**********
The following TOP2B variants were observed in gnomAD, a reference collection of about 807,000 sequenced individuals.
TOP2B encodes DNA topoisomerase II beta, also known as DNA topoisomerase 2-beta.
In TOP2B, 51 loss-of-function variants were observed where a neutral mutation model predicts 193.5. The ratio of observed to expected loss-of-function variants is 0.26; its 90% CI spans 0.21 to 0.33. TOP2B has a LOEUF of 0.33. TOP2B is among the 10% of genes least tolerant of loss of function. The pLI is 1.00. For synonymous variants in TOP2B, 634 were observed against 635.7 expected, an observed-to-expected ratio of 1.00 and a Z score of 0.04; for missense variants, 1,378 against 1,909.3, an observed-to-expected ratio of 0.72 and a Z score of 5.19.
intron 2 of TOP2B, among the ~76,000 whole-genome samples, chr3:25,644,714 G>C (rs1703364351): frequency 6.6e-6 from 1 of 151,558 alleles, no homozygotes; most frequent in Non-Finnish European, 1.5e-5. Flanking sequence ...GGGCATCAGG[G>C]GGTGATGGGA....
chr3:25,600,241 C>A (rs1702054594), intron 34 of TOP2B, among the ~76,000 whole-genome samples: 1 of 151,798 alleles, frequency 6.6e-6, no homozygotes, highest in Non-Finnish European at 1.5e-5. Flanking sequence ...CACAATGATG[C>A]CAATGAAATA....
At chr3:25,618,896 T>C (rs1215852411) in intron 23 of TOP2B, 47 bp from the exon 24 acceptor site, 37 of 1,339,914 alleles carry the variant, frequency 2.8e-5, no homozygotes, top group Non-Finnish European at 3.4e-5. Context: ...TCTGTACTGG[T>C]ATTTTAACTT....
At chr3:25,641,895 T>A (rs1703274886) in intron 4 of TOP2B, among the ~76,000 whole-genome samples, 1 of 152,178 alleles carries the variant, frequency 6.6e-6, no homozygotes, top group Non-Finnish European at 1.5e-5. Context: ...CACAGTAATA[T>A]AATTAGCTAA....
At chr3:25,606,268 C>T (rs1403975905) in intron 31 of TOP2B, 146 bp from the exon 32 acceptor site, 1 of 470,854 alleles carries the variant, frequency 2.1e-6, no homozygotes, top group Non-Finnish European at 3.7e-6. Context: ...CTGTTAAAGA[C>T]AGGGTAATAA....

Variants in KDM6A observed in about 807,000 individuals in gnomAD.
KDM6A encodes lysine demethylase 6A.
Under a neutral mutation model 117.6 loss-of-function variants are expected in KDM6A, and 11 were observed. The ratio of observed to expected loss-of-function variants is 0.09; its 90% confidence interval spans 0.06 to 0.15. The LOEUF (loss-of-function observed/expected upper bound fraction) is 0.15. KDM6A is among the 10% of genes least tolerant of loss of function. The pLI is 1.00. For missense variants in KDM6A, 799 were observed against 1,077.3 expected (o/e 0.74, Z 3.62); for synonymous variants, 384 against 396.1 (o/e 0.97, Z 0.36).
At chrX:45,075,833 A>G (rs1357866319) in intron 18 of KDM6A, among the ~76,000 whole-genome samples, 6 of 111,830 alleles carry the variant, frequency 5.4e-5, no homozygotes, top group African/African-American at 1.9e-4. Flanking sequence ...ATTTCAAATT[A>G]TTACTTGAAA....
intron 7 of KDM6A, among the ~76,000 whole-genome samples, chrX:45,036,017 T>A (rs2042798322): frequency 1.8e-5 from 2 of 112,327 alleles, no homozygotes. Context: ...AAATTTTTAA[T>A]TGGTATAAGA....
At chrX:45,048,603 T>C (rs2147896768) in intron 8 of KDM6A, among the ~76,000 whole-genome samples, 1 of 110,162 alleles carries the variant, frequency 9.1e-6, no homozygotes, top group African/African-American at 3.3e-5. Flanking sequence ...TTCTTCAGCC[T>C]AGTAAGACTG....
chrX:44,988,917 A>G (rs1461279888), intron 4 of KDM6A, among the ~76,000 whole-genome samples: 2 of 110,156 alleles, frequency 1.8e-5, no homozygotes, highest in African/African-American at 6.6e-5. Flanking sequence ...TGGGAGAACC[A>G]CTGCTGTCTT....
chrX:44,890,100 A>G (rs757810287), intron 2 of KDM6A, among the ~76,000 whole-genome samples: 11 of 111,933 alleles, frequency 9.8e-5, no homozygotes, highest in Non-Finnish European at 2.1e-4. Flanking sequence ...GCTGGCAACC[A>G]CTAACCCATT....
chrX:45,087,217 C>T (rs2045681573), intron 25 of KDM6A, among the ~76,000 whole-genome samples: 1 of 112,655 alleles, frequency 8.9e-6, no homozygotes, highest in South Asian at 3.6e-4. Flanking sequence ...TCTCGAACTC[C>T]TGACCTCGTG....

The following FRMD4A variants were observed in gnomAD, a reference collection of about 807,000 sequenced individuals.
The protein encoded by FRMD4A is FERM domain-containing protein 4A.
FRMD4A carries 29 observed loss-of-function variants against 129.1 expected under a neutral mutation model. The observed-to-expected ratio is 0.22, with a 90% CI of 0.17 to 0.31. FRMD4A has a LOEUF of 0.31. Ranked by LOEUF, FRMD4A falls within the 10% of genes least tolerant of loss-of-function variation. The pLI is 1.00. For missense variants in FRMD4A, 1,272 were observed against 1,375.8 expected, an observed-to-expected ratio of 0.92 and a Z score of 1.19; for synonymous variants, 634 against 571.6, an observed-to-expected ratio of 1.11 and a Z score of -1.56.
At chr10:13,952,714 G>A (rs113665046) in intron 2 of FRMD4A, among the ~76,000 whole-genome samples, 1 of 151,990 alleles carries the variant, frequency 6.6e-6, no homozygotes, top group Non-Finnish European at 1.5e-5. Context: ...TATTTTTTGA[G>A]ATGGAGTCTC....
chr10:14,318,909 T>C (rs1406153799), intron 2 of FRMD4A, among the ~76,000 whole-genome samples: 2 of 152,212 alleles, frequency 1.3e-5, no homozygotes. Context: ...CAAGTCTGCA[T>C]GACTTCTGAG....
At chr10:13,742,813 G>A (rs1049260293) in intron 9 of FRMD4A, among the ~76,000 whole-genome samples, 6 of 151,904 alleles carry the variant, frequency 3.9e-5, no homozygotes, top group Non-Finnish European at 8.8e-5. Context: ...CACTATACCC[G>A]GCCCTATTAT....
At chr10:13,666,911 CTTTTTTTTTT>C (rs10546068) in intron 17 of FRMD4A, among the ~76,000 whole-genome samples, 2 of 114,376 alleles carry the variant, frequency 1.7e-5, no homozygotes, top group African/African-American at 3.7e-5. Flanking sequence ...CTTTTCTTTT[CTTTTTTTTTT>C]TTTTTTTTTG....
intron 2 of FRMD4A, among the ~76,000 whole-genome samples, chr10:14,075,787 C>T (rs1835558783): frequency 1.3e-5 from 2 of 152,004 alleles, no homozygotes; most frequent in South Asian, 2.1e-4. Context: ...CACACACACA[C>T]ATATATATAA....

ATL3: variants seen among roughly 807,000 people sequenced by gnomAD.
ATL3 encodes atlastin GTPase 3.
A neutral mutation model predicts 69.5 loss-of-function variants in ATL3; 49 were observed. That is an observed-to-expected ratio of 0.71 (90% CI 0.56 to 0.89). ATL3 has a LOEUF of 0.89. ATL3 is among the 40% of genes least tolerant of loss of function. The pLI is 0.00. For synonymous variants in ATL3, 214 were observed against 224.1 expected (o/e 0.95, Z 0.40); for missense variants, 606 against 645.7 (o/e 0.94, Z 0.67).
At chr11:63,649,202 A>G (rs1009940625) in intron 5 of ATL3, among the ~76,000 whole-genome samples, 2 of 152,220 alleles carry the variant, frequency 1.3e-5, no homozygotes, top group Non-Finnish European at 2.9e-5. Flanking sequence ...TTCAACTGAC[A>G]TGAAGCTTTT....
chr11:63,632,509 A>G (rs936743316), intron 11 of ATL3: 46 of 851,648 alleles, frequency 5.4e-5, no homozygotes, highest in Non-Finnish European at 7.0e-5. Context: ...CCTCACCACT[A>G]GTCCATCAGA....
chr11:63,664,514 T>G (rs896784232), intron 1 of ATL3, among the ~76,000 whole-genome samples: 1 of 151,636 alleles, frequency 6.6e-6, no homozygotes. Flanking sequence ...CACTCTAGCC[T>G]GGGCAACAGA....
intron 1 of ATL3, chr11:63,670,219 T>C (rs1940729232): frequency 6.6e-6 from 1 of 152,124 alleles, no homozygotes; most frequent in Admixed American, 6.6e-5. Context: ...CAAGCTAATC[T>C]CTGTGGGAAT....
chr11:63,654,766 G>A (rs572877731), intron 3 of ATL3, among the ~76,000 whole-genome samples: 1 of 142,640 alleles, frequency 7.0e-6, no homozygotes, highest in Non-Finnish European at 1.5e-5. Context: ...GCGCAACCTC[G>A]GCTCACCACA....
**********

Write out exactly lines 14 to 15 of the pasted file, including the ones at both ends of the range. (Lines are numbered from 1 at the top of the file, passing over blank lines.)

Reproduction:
At chrX:45,048,603 T>C (rs2147896768) in intron 8 of KDM6A, among the ~76,000 whole-genome samples, 1 of 110,162 alleles carries the variant, frequency 9.1e-6, no homozygotes, top group African/African-American at 3.3e-5. Flanking sequence ...TTCTTCAGCC[T>C]AGTAAGACTG....
chrX:44,988,917 A>G (rs1461279888), intron 4 of KDM6A, among the ~76,000 whole-genome samples: 2 of 110,156 alleles, frequency 1.8e-5, no homozygotes, highest in African/African-American at 6.6e-5. Flanking sequence ...TGGGAGAACC[A>G]CTGCTGTCTT....